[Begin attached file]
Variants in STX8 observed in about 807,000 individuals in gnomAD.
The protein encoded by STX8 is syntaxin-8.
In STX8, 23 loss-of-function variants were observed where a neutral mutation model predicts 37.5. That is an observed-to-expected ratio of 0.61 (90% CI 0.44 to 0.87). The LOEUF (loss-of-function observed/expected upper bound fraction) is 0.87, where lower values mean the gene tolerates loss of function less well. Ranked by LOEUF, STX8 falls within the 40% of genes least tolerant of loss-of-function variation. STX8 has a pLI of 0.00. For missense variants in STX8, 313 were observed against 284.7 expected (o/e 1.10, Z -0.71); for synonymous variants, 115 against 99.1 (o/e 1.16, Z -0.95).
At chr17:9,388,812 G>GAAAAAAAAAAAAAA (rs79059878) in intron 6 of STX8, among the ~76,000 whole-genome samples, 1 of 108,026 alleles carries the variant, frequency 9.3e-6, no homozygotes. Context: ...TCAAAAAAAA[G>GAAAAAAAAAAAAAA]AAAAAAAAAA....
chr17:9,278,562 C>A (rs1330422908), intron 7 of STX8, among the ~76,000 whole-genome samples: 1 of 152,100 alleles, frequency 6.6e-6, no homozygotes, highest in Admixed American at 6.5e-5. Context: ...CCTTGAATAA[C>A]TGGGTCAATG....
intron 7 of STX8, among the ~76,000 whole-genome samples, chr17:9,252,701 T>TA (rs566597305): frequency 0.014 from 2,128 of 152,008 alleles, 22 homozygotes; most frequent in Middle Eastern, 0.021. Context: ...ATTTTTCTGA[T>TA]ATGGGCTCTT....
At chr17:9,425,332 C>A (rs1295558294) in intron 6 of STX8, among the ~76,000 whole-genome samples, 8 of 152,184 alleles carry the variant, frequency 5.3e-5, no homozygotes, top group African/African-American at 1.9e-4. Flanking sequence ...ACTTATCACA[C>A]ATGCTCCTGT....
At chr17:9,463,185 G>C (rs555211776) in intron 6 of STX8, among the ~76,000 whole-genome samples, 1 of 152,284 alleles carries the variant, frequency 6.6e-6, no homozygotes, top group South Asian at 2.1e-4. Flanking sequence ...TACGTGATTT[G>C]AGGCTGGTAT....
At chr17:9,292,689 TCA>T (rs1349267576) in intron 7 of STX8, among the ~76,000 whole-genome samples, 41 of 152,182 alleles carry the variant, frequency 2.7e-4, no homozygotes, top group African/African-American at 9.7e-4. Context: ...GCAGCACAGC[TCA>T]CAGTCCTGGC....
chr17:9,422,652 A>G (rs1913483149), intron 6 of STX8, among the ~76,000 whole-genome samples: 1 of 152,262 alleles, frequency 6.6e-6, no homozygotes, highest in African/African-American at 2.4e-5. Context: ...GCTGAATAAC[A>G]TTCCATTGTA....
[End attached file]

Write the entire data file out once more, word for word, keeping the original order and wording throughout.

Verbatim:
Variants in STX8 observed in about 807,000 individuals in gnomAD.
The protein encoded by STX8 is syntaxin-8.
In STX8, 23 loss-of-function variants were observed where a neutral mutation model predicts 37.5. That is an observed-to-expected ratio of 0.61 (90% CI 0.44 to 0.87). The LOEUF (loss-of-function observed/expected upper bound fraction) is 0.87, where lower values mean the gene tolerates loss of function less well. Ranked by LOEUF, STX8 falls within the 40% of genes least tolerant of loss-of-function variation. STX8 has a pLI of 0.00. For missense variants in STX8, 313 were observed against 284.7 expected (o/e 1.10, Z -0.71); for synonymous variants, 115 against 99.1 (o/e 1.16, Z -0.95).
At chr17:9,388,812 G>GAAAAAAAAAAAAAA (rs79059878) in intron 6 of STX8, among the ~76,000 whole-genome samples, 1 of 108,026 alleles carries the variant, frequency 9.3e-6, no homozygotes. Context: ...TCAAAAAAAA[G>GAAAAAAAAAAAAAA]AAAAAAAAAA....
chr17:9,278,562 C>A (rs1330422908), intron 7 of STX8, among the ~76,000 whole-genome samples: 1 of 152,100 alleles, frequency 6.6e-6, no homozygotes, highest in Admixed American at 6.5e-5. Context: ...CCTTGAATAA[C>A]TGGGTCAATG....
intron 7 of STX8, among the ~76,000 whole-genome samples, chr17:9,252,701 T>TA (rs566597305): frequency 0.014 from 2,128 of 152,008 alleles, 22 homozygotes; most frequent in Middle Eastern, 0.021. Context: ...ATTTTTCTGA[T>TA]ATGGGCTCTT....
At chr17:9,425,332 C>A (rs1295558294) in intron 6 of STX8, among the ~76,000 whole-genome samples, 8 of 152,184 alleles carry the variant, frequency 5.3e-5, no homozygotes, top group African/African-American at 1.9e-4. Flanking sequence ...ACTTATCACA[C>A]ATGCTCCTGT....
At chr17:9,463,185 G>C (rs555211776) in intron 6 of STX8, among the ~76,000 whole-genome samples, 1 of 152,284 alleles carries the variant, frequency 6.6e-6, no homozygotes, top group South Asian at 2.1e-4. Flanking sequence ...TACGTGATTT[G>C]AGGCTGGTAT....
At chr17:9,292,689 TCA>T (rs1349267576) in intron 7 of STX8, among the ~76,000 whole-genome samples, 41 of 152,182 alleles carry the variant, frequency 2.7e-4, no homozygotes, top group African/African-American at 9.7e-4. Context: ...GCAGCACAGC[TCA>T]CAGTCCTGGC....
chr17:9,422,652 A>G (rs1913483149), intron 6 of STX8, among the ~76,000 whole-genome samples: 1 of 152,262 alleles, frequency 6.6e-6, no homozygotes, highest in African/African-American at 2.4e-5. Context: ...GCTGAATAAC[A>G]TTCCATTGTA....